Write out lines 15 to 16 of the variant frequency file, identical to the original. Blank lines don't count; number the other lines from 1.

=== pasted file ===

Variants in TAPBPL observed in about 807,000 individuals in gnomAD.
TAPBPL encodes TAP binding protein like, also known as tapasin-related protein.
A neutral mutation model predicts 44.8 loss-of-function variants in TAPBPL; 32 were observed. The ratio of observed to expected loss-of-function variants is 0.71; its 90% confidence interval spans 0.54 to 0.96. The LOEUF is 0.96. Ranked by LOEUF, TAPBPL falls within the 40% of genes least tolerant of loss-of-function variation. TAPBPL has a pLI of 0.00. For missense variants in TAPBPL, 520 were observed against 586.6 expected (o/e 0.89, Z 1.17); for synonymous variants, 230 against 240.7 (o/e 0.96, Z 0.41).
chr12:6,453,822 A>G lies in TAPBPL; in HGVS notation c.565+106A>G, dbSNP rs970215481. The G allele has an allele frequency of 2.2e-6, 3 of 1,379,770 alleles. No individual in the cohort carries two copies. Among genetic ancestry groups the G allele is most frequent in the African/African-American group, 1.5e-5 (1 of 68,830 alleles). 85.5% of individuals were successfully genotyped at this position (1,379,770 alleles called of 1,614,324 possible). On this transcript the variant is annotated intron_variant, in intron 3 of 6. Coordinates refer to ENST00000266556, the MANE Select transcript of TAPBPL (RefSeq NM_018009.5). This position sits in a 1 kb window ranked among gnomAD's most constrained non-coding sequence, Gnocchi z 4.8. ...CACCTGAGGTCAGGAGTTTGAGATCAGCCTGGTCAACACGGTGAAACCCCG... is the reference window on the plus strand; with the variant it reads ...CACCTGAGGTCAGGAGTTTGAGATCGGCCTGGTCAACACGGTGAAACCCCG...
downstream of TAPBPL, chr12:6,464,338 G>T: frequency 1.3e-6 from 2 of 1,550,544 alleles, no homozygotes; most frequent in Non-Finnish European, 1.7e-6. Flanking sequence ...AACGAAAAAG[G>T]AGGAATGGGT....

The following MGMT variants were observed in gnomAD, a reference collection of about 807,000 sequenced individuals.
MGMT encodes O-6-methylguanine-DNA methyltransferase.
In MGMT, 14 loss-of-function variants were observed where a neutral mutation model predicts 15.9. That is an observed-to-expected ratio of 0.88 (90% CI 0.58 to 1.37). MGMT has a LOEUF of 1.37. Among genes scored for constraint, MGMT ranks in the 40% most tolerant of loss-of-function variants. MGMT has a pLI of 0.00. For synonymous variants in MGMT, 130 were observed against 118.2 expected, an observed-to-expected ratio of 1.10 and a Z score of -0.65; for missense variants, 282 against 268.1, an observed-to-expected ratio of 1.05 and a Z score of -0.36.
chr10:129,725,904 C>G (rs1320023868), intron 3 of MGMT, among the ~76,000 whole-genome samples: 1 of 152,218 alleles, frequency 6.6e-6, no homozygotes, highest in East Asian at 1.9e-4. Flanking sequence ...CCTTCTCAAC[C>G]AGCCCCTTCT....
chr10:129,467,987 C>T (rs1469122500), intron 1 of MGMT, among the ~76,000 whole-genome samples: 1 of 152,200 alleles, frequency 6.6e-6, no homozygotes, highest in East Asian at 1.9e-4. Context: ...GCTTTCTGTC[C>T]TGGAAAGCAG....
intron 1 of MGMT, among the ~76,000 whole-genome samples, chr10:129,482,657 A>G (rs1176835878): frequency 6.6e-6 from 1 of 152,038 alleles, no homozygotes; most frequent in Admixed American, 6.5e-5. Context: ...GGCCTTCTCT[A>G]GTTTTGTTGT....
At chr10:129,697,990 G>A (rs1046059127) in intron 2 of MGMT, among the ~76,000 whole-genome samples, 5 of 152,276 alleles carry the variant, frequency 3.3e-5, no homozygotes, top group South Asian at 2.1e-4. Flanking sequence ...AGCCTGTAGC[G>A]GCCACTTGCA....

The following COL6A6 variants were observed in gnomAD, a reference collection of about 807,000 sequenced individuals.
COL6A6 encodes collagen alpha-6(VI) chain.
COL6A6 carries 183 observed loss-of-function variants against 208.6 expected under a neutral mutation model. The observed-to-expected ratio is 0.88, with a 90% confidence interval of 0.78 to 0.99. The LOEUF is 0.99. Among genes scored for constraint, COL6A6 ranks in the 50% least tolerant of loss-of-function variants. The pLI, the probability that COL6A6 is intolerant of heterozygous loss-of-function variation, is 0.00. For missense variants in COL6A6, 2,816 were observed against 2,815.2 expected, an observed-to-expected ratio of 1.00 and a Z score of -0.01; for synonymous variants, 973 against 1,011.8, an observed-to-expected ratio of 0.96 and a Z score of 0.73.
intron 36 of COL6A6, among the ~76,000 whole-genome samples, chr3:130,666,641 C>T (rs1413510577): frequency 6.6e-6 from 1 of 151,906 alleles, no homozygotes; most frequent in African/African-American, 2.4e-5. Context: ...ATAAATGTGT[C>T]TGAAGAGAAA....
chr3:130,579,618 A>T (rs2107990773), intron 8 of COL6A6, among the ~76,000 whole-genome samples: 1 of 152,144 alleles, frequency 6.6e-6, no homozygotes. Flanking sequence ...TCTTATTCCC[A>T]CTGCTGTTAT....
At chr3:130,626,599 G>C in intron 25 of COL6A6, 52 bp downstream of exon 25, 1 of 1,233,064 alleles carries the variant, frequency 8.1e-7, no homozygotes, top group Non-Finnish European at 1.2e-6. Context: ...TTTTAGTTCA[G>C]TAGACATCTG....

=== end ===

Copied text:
COL6A6 carries 183 observed loss-of-function variants against 208.6 expected under a neutral mutation model. The observed-to-expected ratio is 0.88, with a 90% confidence interval of 0.78 to 0.99. The LOEUF is 0.99. Among genes scored for constraint, COL6A6 ranks in the 50% least tolerant of loss-of-function variants. The pLI, the probability that COL6A6 is intolerant of heterozygous loss-of-function variation, is 0.00. For missense variants in COL6A6, 2,816 were observed against 2,815.2 expected, an observed-to-expected ratio of 1.00 and a Z score of -0.01; for synonymous variants, 973 against 1,011.8, an observed-to-expected ratio of 0.96 and a Z score of 0.73.
intron 36 of COL6A6, among the ~76,000 whole-genome samples, chr3:130,666,641 C>T (rs1413510577): frequency 6.6e-6 from 1 of 151,906 alleles, no homozygotes; most frequent in African/African-American, 2.4e-5. Context: ...ATAAATGTGT[C>T]TGAAGAGAAA....